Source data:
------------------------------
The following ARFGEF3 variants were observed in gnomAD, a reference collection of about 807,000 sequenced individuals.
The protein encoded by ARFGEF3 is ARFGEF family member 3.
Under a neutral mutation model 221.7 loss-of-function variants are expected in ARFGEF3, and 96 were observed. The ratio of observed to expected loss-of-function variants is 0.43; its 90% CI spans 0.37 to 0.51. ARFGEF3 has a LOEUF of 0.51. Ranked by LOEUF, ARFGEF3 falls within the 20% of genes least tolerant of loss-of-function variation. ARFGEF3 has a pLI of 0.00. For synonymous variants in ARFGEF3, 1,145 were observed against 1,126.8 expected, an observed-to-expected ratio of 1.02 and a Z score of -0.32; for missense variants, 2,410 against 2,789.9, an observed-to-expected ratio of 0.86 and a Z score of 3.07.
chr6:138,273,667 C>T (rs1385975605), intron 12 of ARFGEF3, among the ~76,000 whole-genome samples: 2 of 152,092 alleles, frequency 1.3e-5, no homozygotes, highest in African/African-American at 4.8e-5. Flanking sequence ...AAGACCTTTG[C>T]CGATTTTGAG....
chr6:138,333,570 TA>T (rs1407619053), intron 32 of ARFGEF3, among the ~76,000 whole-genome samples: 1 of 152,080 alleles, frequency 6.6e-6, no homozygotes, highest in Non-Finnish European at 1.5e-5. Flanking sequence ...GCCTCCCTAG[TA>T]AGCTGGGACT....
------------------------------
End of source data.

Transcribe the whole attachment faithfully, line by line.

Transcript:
The following ARFGEF3 variants were observed in gnomAD, a reference collection of about 807,000 sequenced individuals.
The protein encoded by ARFGEF3 is ARFGEF family member 3.
Under a neutral mutation model 221.7 loss-of-function variants are expected in ARFGEF3, and 96 were observed. The ratio of observed to expected loss-of-function variants is 0.43; its 90% CI spans 0.37 to 0.51. ARFGEF3 has a LOEUF of 0.51. Ranked by LOEUF, ARFGEF3 falls within the 20% of genes least tolerant of loss-of-function variation. ARFGEF3 has a pLI of 0.00. For synonymous variants in ARFGEF3, 1,145 were observed against 1,126.8 expected, an observed-to-expected ratio of 1.02 and a Z score of -0.32; for missense variants, 2,410 against 2,789.9, an observed-to-expected ratio of 0.86 and a Z score of 3.07.
chr6:138,273,667 C>T (rs1385975605), intron 12 of ARFGEF3, among the ~76,000 whole-genome samples: 2 of 152,092 alleles, frequency 1.3e-5, no homozygotes, highest in African/African-American at 4.8e-5. Flanking sequence ...AAGACCTTTG[C>T]CGATTTTGAG....
chr6:138,333,570 TA>T (rs1407619053), intron 32 of ARFGEF3, among the ~76,000 whole-genome samples: 1 of 152,080 alleles, frequency 6.6e-6, no homozygotes, highest in Non-Finnish European at 1.5e-5. Flanking sequence ...GCCTCCCTAG[TA>T]AGCTGGGACT....